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Solar Resources

What Is a Solar Ballast?

If you’ve looked into installing solar, you may have realized that your installation won’t be easy on your roof. The majority of solar mounts are attached directly to a home’s rafters, which means cutting into the roof. While installers generally take care to seal and flash holes to prevent leaks and water damage, those incisions could eventually cause a real problem, especially if you have a low-sloped or flat roof.

Or maybe you just don’t like the idea of some installer cutting holes in your roof. That’s where a ballasted installation comes in. A ballasted mount offers all the benefits of solar panels without the impact to your roof. That’s because solar ballasts aren’t attached to roof rafters the way most solar panel installations are. Instead, they sit directly on top, cemented to the surface with concrete blocks.

In fact, even if you decide to go for a more traditional installation, your installer may recommend that you have some concrete ballasts placed on certain parts of the racking. This adds weight to your system and prevents it from blowing off in high winds.

Generally, it’s best to follow the advice of your solar contractor when assessing whether or not your system needs ballasts. However, knowing your options never hurts, so here’s a brief overview of ballasts—both the pros and the cons. That way, you’ll come to your installer armed with more solar smarts than ever.

solar panels with ballasts

Table of Contents

Ballasted Systems Are Preferable for Homes with Flat Roofs

Builders design many flat and low-sloped roofs essentially like shallow pools with a complex drainage system. That means even a small leak on a flat roof presents a huge problem. Without the assistance of gravity, all the runoff flows directly into your home, damaging your ceiling and walls—not to mention the property you have inside.

Installers often recommend solar ballasts for roofs like these, where a few incisions might make a big difference between clean and dry or soggy and moldy. As a bonus, these kinds of installations usually mean that your solar contractor won’t have to work back and forth with a roofer, which can add time to your installation from the administrative burden of working with two teams. Furthermore, it means you won’t have to worry about problems with your roof warranty—an even greater argument in their favor.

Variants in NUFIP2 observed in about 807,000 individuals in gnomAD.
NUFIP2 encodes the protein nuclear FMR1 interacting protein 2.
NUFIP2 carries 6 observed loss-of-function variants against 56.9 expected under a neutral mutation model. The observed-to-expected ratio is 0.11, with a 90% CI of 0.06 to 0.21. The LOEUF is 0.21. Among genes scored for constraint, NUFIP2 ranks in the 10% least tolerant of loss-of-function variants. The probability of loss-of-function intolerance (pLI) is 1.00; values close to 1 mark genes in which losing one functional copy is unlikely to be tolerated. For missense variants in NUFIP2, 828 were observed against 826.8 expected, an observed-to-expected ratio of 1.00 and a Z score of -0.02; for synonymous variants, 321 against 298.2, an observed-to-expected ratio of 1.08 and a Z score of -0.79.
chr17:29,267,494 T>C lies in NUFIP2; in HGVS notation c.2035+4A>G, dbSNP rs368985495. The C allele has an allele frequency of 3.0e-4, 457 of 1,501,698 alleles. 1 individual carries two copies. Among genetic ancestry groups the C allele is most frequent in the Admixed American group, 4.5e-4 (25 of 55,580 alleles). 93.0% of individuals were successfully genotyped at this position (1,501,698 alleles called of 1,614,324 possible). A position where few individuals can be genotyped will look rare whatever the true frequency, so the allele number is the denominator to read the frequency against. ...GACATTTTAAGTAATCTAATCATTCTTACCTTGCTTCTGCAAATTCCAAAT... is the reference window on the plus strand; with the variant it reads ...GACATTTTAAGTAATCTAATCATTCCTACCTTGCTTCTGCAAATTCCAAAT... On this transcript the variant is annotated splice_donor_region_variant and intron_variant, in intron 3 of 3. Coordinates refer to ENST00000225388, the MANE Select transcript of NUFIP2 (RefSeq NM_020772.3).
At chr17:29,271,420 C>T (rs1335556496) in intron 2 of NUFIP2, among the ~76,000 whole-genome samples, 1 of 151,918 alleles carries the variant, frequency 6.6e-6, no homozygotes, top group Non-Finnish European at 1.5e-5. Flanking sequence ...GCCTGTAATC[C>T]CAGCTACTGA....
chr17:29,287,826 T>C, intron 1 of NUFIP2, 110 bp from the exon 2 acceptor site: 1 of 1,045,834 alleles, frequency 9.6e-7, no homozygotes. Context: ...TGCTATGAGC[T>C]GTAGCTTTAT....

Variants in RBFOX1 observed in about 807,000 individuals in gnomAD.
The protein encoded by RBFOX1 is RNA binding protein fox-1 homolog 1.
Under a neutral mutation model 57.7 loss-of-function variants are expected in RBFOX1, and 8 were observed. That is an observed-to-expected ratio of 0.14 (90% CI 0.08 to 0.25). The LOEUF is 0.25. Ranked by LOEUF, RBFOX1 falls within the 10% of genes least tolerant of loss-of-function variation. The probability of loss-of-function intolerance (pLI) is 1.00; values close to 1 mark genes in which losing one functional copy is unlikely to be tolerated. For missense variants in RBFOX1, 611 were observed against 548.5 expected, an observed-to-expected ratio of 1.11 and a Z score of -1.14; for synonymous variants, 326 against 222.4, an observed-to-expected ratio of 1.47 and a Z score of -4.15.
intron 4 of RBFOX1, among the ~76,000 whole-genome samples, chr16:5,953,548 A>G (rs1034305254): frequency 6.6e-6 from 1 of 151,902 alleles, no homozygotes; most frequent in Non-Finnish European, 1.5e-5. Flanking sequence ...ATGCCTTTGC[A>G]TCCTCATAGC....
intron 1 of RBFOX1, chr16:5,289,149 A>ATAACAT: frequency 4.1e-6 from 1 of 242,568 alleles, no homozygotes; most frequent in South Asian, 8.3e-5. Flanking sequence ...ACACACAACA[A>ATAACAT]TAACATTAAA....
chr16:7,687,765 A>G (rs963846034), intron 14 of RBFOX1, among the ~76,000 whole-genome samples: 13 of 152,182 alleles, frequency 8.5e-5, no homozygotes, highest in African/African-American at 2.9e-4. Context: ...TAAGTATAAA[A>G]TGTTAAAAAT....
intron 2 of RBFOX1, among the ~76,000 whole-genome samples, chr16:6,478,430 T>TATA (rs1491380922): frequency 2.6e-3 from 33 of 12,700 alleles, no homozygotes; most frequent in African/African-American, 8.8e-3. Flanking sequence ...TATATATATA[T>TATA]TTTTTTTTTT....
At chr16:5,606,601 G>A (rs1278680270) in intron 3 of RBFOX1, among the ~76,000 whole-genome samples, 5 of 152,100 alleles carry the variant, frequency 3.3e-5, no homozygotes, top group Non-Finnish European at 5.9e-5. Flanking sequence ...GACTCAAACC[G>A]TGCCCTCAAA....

Ballasts Prevent Wind Lifts

A hybrid system—one that’s attached to your rafters but still uses ballasts in some places—may be useful for preventing problems with wind lifts. You can think about it like a paper weight: the heft of the cement blocks keeps the mounting equipment in place, even when the wind blows.

In general, only a licensed structural professional engineer (also known as a P.E.) should make the determination to use ballasts, though. Cement obviously adds weight to your roof, and some surfaces might not be able to handle that additional load. Meanwhile, wind tunnels operate differently in different locations—so additional ballasts shouldn’t be added without a P.E.’s blessing.

Electrical drill by solar panels

Professional Engineers Should Sign Off on Ballasted Installations

Speaking of P.E.s, always make sure your solar installer has one on their team—or at least coordinates with a consultant P.E. when designing your system.

Each roof and solar energy system has its own unique considerations. A professional engineer can evaluate the size of your system, orientation, climate, roof load, and the strength of your racking equipment to determine what kind of ballasts are needed. That all means running some pretty sophisticated equations, as well as an understanding the physics of wind movement. Talk to your installer about how they enlist P.E.s to assist with mounting design in their installations—before you sign off on a contract.

Ballasts Can Degrade Over Time

Unfortunately, concrete isn’t impermeable to the effects of harsh weather. Thawing and freezing can eventually cause concrete ballasts to crumble, particularly if your installer didn’t use anything stronger than landscaping pavers to ballast your system. Meanwhile, in other parts of the country, UV exposure can also degrade low-quality ballasts. In fact, many contractors will use nothing more than common masonry blocks, the kind that can be bought from a home improvement store. That means they’re not going to hold up forever.

Obviously, a broken-down ballast isn’t doing its job, so you might be more vulnerable to wind lifts and other problems if this occurs. For this reason, it’s a good idea to have your system inspected regularly, particularly before the winter weather starts in.

Additionally, you can avoid problems with ballasts from the get-go by checking that your installer is using the best quality materials. Ballasts should be made with products that are freeze-thaw resistant. These are made from cement that contains aggregates like chlorides, which can lower the freezing point of the blocks, preventing scaling and cracking.

All in all, no matter what kind of mounting system you choose, you’ll see much better results if you choose an installer who knows what they’re doing. Try to talk to at least three different contractors before you go with one company over another, and read the fine print on any warranties or guarantees from your installer. The more you know about your installation, the better off you’ll be!

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